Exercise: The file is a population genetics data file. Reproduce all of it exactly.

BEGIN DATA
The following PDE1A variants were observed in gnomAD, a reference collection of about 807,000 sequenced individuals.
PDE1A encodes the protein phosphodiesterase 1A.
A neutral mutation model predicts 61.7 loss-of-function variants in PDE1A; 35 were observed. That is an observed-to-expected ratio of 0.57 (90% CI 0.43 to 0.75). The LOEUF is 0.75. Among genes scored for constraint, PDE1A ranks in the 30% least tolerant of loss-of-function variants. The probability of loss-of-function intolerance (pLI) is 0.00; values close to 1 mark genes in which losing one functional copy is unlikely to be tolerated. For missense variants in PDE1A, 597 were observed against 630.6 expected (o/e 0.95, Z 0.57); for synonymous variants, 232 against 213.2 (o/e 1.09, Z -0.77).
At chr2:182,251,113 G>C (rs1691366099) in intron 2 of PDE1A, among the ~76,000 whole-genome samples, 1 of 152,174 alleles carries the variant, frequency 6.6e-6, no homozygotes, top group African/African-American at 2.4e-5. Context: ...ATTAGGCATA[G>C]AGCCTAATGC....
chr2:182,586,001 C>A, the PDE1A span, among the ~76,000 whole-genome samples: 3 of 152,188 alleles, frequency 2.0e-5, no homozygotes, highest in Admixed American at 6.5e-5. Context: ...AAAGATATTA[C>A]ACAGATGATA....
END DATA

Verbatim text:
The following PDE1A variants were observed in gnomAD, a reference collection of about 807,000 sequenced individuals.
PDE1A encodes the protein phosphodiesterase 1A.
A neutral mutation model predicts 61.7 loss-of-function variants in PDE1A; 35 were observed. That is an observed-to-expected ratio of 0.57 (90% CI 0.43 to 0.75). The LOEUF is 0.75. Among genes scored for constraint, PDE1A ranks in the 30% least tolerant of loss-of-function variants. The probability of loss-of-function intolerance (pLI) is 0.00; values close to 1 mark genes in which losing one functional copy is unlikely to be tolerated. For missense variants in PDE1A, 597 were observed against 630.6 expected (o/e 0.95, Z 0.57); for synonymous variants, 232 against 213.2 (o/e 1.09, Z -0.77).
At chr2:182,251,113 G>C (rs1691366099) in intron 2 of PDE1A, among the ~76,000 whole-genome samples, 1 of 152,174 alleles carries the variant, frequency 6.6e-6, no homozygotes, top group African/African-American at 2.4e-5. Context: ...ATTAGGCATA[G>C]AGCCTAATGC....
chr2:182,586,001 C>A, the PDE1A span, among the ~76,000 whole-genome samples: 3 of 152,188 alleles, frequency 2.0e-5, no homozygotes, highest in Admixed American at 6.5e-5. Context: ...AAAGATATTA[C>A]ACAGATGATA....